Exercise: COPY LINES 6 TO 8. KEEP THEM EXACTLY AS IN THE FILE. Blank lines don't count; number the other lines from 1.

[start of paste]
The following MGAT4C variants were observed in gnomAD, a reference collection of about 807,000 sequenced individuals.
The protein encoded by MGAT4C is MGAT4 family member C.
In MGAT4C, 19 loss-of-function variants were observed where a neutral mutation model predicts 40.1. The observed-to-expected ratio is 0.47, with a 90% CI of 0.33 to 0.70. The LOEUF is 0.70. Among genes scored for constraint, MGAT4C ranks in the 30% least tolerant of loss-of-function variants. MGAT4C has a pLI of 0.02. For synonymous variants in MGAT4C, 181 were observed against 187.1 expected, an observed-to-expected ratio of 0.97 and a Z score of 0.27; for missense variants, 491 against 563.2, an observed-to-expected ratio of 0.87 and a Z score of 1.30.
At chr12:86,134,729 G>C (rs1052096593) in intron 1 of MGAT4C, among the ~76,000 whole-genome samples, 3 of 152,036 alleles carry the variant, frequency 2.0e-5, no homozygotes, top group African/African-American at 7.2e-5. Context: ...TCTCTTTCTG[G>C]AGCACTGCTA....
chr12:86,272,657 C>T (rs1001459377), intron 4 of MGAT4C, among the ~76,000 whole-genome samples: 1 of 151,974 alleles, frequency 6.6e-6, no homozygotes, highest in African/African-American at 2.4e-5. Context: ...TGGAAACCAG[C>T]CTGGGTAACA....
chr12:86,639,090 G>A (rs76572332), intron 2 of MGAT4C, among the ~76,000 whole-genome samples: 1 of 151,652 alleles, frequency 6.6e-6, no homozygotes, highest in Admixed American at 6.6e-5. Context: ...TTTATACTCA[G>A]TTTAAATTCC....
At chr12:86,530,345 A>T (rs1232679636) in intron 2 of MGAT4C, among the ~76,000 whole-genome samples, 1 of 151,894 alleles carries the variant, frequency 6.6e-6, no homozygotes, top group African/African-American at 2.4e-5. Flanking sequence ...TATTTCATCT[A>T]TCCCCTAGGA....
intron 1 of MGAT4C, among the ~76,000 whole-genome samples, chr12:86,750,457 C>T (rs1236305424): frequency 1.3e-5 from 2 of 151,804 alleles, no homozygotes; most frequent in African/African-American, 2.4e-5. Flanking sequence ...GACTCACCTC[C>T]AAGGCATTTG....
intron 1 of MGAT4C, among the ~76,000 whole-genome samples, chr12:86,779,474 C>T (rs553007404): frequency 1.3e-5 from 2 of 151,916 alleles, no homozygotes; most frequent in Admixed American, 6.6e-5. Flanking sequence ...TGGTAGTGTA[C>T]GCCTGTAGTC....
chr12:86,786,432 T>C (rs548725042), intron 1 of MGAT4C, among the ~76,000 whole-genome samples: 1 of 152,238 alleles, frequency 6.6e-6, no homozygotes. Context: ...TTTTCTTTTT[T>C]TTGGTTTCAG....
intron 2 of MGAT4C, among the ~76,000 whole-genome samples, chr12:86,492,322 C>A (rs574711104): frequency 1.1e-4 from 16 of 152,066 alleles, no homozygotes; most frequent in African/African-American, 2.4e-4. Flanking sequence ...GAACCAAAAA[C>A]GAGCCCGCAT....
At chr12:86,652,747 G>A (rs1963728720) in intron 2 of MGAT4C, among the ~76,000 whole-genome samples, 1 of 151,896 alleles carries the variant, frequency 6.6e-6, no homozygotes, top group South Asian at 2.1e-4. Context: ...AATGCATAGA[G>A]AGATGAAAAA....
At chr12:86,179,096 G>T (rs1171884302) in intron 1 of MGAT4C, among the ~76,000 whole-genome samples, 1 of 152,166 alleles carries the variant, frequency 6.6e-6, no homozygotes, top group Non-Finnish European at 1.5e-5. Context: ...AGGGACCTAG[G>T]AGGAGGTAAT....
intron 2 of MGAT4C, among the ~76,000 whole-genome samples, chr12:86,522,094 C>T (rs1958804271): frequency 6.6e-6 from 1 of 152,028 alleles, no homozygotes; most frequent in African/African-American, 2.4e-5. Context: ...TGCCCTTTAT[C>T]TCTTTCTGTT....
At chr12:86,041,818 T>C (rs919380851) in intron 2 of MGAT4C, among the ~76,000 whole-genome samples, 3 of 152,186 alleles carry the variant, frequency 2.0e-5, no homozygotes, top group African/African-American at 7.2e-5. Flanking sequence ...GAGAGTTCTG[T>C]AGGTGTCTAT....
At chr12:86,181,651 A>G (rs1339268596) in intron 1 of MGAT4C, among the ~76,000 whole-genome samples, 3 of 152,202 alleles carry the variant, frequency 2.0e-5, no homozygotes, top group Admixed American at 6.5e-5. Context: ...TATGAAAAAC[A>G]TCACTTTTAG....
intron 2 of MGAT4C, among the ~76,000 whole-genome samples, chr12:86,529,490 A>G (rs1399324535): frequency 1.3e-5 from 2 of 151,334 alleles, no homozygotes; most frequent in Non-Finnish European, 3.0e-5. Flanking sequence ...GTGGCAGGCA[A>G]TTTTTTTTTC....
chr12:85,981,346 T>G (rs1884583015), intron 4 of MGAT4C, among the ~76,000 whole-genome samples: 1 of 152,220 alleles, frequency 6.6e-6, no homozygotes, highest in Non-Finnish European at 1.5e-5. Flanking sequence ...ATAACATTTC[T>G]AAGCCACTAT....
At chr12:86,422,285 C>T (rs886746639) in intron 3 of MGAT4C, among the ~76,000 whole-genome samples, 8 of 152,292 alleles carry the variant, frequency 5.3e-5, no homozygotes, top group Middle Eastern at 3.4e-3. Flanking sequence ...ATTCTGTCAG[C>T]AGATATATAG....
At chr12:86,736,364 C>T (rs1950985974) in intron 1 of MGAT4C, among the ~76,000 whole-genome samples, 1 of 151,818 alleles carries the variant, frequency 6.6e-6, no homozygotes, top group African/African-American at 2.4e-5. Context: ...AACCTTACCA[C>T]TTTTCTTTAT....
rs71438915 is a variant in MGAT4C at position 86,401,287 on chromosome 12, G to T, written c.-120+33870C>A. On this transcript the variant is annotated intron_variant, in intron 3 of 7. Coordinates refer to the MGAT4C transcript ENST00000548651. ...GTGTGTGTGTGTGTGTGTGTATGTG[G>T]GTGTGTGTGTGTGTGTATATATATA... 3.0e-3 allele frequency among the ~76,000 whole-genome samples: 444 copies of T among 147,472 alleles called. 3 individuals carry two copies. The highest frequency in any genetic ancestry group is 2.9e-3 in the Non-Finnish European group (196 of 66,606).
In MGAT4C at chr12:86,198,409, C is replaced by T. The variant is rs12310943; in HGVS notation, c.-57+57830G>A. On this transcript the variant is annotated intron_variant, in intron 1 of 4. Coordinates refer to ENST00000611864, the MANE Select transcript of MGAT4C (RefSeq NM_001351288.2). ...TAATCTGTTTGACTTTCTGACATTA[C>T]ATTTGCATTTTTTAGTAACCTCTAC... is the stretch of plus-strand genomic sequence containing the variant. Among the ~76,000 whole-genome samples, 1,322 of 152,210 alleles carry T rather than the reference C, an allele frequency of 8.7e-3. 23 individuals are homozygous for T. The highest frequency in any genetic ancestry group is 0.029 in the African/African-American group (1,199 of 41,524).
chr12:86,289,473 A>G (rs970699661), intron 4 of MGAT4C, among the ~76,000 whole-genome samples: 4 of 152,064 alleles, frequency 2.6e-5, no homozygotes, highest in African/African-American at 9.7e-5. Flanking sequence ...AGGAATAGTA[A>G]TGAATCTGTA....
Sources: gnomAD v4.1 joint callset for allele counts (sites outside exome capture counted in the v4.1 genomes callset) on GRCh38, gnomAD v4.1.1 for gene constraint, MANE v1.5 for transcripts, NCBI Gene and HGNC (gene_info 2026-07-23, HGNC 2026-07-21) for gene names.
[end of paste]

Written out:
chr12:86,639,090 G>A (rs76572332), intron 2 of MGAT4C, among the ~76,000 whole-genome samples: 1 of 151,652 alleles, frequency 6.6e-6, no homozygotes, highest in Admixed American at 6.6e-5. Context: ...TTTATACTCA[G>A]TTTAAATTCC....
At chr12:86,530,345 A>T (rs1232679636) in intron 2 of MGAT4C, among the ~76,000 whole-genome samples, 1 of 151,894 alleles carries the variant, frequency 6.6e-6, no homozygotes, top group African/African-American at 2.4e-5. Flanking sequence ...TATTTCATCT[A>T]TCCCCTAGGA....
intron 1 of MGAT4C, among the ~76,000 whole-genome samples, chr12:86,750,457 C>T (rs1236305424): frequency 1.3e-5 from 2 of 151,804 alleles, no homozygotes; most frequent in African/African-American, 2.4e-5. Flanking sequence ...GACTCACCTC[C>T]AAGGCATTTG....